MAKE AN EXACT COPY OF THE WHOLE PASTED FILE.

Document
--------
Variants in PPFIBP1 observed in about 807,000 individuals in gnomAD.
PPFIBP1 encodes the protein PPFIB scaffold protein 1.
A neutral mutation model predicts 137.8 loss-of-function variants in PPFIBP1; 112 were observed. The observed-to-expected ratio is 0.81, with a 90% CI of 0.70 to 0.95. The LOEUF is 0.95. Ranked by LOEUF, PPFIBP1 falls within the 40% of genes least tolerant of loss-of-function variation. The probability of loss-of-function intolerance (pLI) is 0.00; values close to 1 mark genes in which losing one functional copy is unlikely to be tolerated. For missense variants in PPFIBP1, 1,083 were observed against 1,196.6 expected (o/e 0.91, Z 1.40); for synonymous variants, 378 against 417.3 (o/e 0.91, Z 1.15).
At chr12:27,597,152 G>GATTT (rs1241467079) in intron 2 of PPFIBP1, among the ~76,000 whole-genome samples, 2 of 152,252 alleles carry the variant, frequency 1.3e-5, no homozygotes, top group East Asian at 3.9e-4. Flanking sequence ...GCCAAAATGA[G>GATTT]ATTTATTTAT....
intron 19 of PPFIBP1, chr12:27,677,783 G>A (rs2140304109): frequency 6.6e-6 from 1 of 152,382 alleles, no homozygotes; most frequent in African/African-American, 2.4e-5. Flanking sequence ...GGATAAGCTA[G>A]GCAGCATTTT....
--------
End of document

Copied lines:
Variants in PPFIBP1 observed in about 807,000 individuals in gnomAD.
PPFIBP1 encodes the protein PPFIB scaffold protein 1.
A neutral mutation model predicts 137.8 loss-of-function variants in PPFIBP1; 112 were observed. The observed-to-expected ratio is 0.81, with a 90% CI of 0.70 to 0.95. The LOEUF is 0.95. Ranked by LOEUF, PPFIBP1 falls within the 40% of genes least tolerant of loss-of-function variation. The probability of loss-of-function intolerance (pLI) is 0.00; values close to 1 mark genes in which losing one functional copy is unlikely to be tolerated. For missense variants in PPFIBP1, 1,083 were observed against 1,196.6 expected (o/e 0.91, Z 1.40); for synonymous variants, 378 against 417.3 (o/e 0.91, Z 1.15).
At chr12:27,597,152 G>GATTT (rs1241467079) in intron 2 of PPFIBP1, among the ~76,000 whole-genome samples, 2 of 152,252 alleles carry the variant, frequency 1.3e-5, no homozygotes, top group East Asian at 3.9e-4. Flanking sequence ...GCCAAAATGA[G>GATTT]ATTTATTTAT....
intron 19 of PPFIBP1, chr12:27,677,783 G>A (rs2140304109): frequency 6.6e-6 from 1 of 152,382 alleles, no homozygotes; most frequent in African/African-American, 2.4e-5. Flanking sequence ...GGATAAGCTA[G>A]GCAGCATTTT....